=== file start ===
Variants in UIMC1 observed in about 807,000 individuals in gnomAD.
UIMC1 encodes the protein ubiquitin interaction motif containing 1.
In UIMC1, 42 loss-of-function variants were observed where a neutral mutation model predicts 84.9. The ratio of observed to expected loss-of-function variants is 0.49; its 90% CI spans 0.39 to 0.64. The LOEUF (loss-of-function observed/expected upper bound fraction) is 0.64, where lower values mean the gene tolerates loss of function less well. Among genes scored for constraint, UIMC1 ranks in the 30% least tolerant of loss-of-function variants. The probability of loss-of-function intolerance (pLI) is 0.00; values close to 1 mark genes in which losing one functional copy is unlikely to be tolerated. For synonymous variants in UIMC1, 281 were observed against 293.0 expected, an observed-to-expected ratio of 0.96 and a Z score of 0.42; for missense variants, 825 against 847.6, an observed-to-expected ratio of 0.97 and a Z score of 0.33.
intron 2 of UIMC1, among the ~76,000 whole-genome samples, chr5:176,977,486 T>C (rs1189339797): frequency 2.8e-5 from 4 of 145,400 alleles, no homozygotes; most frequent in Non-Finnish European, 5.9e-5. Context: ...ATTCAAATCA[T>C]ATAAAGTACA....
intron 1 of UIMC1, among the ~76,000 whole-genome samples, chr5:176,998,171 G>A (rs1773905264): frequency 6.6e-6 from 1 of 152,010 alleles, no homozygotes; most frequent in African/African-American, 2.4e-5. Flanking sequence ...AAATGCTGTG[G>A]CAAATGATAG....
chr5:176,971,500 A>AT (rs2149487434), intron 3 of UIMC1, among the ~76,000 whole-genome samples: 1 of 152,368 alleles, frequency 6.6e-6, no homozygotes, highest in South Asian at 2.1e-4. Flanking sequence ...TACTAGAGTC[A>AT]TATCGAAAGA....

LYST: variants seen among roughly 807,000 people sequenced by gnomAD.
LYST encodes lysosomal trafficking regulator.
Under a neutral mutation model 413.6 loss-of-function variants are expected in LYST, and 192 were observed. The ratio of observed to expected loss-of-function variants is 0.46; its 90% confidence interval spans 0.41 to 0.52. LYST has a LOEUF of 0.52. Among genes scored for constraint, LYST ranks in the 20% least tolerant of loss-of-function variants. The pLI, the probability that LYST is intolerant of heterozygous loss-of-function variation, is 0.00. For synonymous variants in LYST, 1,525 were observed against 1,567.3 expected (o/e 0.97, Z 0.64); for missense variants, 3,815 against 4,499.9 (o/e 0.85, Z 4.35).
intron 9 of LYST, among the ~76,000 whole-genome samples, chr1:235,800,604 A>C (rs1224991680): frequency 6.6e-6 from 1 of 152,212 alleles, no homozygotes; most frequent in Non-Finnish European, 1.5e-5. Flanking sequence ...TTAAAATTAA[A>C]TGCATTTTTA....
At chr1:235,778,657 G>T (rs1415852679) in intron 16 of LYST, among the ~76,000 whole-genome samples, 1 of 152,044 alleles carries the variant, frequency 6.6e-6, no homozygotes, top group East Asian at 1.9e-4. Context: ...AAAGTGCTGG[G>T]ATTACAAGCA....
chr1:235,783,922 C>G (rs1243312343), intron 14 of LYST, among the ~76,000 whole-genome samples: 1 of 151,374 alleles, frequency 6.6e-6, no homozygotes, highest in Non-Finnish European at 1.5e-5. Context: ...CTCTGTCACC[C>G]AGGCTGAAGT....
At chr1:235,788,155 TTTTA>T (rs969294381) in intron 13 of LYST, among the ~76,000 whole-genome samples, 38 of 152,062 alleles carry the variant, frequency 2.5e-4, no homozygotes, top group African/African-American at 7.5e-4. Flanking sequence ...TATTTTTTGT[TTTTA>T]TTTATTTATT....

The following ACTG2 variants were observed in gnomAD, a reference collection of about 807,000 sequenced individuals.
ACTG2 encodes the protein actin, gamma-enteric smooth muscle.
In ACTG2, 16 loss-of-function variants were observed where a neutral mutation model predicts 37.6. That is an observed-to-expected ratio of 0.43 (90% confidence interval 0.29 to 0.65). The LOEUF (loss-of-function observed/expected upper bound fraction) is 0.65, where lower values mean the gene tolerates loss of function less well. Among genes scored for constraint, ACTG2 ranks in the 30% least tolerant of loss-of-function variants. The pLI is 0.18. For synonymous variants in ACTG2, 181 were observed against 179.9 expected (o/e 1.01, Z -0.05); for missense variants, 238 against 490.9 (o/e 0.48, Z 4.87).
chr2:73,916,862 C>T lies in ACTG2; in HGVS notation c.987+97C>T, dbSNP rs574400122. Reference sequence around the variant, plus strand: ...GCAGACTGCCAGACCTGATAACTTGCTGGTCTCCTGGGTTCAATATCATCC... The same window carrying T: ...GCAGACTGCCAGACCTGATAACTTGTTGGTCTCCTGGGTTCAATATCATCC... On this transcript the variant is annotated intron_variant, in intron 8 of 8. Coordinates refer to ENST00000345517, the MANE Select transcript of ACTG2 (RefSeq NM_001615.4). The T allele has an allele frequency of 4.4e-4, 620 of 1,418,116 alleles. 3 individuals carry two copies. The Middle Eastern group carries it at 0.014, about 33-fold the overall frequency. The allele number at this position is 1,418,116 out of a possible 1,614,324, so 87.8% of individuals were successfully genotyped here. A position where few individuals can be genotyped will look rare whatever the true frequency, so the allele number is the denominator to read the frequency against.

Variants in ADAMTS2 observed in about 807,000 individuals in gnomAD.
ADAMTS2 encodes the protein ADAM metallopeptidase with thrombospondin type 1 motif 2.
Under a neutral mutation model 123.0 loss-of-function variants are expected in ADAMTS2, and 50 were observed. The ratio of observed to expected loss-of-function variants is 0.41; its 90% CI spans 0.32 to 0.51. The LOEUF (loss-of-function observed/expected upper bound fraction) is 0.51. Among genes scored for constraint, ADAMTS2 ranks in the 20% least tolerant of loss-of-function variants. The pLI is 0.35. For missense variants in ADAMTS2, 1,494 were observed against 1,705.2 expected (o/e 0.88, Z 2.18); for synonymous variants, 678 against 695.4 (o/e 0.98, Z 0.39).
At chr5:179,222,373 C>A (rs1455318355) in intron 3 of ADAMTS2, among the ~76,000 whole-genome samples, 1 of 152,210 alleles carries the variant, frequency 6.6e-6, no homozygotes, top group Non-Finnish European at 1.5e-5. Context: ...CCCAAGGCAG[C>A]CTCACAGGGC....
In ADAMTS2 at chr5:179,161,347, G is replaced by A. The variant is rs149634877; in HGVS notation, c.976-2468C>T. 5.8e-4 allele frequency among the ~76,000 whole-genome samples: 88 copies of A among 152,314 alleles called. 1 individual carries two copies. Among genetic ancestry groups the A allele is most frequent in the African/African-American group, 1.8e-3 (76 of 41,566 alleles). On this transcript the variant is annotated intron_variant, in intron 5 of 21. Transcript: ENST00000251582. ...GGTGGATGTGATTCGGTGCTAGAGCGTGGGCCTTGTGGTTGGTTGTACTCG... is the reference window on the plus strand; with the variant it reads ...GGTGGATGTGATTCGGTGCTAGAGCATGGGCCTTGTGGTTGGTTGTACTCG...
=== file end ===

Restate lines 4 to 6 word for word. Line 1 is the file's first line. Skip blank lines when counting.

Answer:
intron 2 of UIMC1, among the ~76,000 whole-genome samples, chr5:176,977,486 T>C (rs1189339797): frequency 2.8e-5 from 4 of 145,400 alleles, no homozygotes; most frequent in Non-Finnish European, 5.9e-5. Context: ...ATTCAAATCA[T>C]ATAAAGTACA....
intron 1 of UIMC1, among the ~76,000 whole-genome samples, chr5:176,998,171 G>A (rs1773905264): frequency 6.6e-6 from 1 of 152,010 alleles, no homozygotes; most frequent in African/African-American, 2.4e-5. Flanking sequence ...AAATGCTGTG[G>A]CAAATGATAG....
chr5:176,971,500 A>AT (rs2149487434), intron 3 of UIMC1, among the ~76,000 whole-genome samples: 1 of 152,368 alleles, frequency 6.6e-6, no homozygotes, highest in South Asian at 2.1e-4. Flanking sequence ...TACTAGAGTC[A>AT]TATCGAAAGA....